Home Government County Council approves funding for new fairground soccer fields

Council approves funding for new fairground soccer fields


Youth sports, especially soccer, will be getting a huge increase in field space this spring thanks to an Oct. 17 vote from the Morgan County Council to invest in new fields at the fairgrounds.

“The good news is the programs are growing, we have great programs,” said Steve George, owner of Generation U Inc., a sports management company currently contracted to oversee league operation as well as maintenance of the Wilkinson Recreation Complex behind Morgan High School.  “The bad news is we have outgrown the space needed to make this convenient for everyone who participates.”

The recreation program offers baseball to 400 kids in six leagues; basketball to 470 kids and 60 adults; softball to 250 kids in three leagues and 170 adults; soccer to an average 550 kids in up to 70 teams; and football to 250 kids in six different age groups. 

“We are now serving over 2,000 people,” said George, a Morgan native.  And things are expected to increase, especially with plans to offer flag football and lacrosse. 

The result is the fields at the RecPlex “get beat down to mud,” George said, while the facility is crowded with player and spectators battling heavy congestion and parking issues.  “The biggest complaint is lack of practice time and space, mostly for soccer and football,” he said.

George would like to have more fall softball leagues, but soccer players are using all available field space.

The 5.5 acres north of the fairgounds is already owned by the county and the turf is in good condition, George said.  With $100,000 from county impact fees, as well as up to $50,000 from the county recreation board, the project could be completed with widened roads, a culvert, power and water utilities, and ample parking.  Generation U would maintain the area like they already do for the 11-acre RecPlex.

While a soccer, football and baseball field could all fit in that 5.5-acre space, George intends it to be mostly used for soccer fields.

“This would be a giant green space of grass for the use of the community,” said George, a 1996 Morgan High School graduate.  “Now, the biggest need is for our soccer program.  We can fit all soccer here, and then some.”

George said feedback from the community has indicated parents and grandparents like all soccer games to take place in a central location, so they can attend multiple games without having to re-park.

Morgan County Councilman Robert Kilmer said the fairgrounds fields would be an increase of almost 200 percent in field space.  The increased space may lend to the ability of the recreation board to rent out fields to competition teams for tournaments.

“The reason this makes so much sense is the green space is versatile enough to do what we need to do there.  The biggest benefit is the county already owns the land.  It is a central place,” George said.  “It is flat and the grass is good.”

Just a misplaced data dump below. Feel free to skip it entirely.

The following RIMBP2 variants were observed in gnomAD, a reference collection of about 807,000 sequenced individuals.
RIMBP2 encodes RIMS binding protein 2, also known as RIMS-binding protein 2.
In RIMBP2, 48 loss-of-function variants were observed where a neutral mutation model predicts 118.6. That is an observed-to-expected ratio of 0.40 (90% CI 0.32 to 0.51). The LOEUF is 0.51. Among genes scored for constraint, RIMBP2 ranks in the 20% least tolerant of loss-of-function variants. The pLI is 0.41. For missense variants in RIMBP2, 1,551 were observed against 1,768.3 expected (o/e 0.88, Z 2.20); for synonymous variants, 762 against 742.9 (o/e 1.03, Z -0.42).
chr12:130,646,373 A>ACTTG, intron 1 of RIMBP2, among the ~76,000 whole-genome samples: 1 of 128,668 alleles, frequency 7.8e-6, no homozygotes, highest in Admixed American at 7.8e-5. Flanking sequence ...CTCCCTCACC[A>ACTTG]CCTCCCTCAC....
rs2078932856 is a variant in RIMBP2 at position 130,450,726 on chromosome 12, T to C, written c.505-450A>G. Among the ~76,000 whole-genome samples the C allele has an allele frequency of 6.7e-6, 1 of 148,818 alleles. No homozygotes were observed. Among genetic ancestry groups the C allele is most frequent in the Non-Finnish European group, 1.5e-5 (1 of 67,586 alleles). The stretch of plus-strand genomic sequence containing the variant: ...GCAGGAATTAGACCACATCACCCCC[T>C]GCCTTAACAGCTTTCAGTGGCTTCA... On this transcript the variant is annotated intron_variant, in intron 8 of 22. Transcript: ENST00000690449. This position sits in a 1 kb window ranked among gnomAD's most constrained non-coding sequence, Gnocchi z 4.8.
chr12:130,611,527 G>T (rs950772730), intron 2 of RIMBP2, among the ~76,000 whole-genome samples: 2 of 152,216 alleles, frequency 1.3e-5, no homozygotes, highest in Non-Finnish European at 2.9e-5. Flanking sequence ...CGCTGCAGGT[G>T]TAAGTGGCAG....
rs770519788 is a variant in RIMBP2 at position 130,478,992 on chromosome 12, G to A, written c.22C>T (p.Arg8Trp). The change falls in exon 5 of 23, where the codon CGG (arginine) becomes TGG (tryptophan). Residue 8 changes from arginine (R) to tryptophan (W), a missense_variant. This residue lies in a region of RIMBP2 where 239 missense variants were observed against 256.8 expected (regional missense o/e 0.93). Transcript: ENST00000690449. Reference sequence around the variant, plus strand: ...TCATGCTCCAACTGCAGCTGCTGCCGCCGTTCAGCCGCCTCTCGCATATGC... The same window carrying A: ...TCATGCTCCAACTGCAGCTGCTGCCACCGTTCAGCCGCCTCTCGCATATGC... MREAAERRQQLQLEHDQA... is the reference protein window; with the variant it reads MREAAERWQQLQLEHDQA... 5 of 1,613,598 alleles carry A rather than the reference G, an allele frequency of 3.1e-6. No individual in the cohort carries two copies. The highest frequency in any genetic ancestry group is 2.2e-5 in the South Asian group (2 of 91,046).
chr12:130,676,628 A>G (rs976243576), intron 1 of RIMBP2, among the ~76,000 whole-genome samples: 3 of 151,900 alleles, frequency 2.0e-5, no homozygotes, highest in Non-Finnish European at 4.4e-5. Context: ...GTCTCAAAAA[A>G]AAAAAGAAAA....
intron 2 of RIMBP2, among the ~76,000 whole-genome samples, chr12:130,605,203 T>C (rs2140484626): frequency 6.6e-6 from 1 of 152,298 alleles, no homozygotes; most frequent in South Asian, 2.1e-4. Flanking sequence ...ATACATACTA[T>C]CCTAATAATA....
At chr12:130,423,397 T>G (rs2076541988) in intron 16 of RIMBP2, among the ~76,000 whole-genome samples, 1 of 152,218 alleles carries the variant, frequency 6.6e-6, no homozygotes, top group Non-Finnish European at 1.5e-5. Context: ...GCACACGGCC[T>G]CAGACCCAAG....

But it isn’t making sense to Councilwoman Tina Cannon, who said impact fees should be spent in the community where a majority of the fees are collected from.  Since 64 percent of impact fees are collected from Mountain Green growth, she said priority should be put on spending those fees on fields on that end of the county rather than near Morgan City.

And there are negotiations ongoing among county and private landowners for field space in three locations, some near the Kent Smith Park as well as the new LDS chapel in Mountain Green, Cannon said. 

“We keep getting told a magic piece of land would appear, but it has never happened,” Kilmer said.  “We have been talking about this growth issue for years now.  We are crammed for space, destroying our fields, and we can’t fit everyone. Even if we get (fields in Mountain Green), we don’t have the benefits we have here (at the fairgrounds).  This is playable this spring, once the snow lifts.  It is not something that will take years to develop.  We are currently providing these service at the complex.  It will be the same travel, and not affect anyone negatively.  In the future if we decide to change the use of the land, want to put these fields somewhere else, we got our money out of it.  It is an immediate and low-cost fix to give the community the services they need without huge costs.  It will enhance our ability to continue to provide services.  It is a no brainer that solves a lot of problems.”

Councilman Daryl Ballantyne agreed.  “Sports are important for youth,” he said.  “It is important to the schools and the community.  We can make the whole community happy with this.”

“I want the same advantage in Mountain Green, near the school.   There needs to be a facility for children after school to get there without parents taking them,” said Cannon, the only one to cast a nay vote Oct. 17.  “I am not saying I am not for it (at the fairgrounds).  I have been on the rec board, so I am empathetic.  I feel we need more public input.”

Councilmembers told Cannon that $700,000 have been collected in impact fees, and the fairground field project would only take $100,000 of that.  The remaining, they said, could be spent on field space in Mountain Green after negotiations are complete.

“If we had an area in Mountain Green that came forward like this—ready to build tomorrow—I will be the one to make the motion to build,” Councilman Austin Turner said.  “I am not trying to pick one area over the other.”

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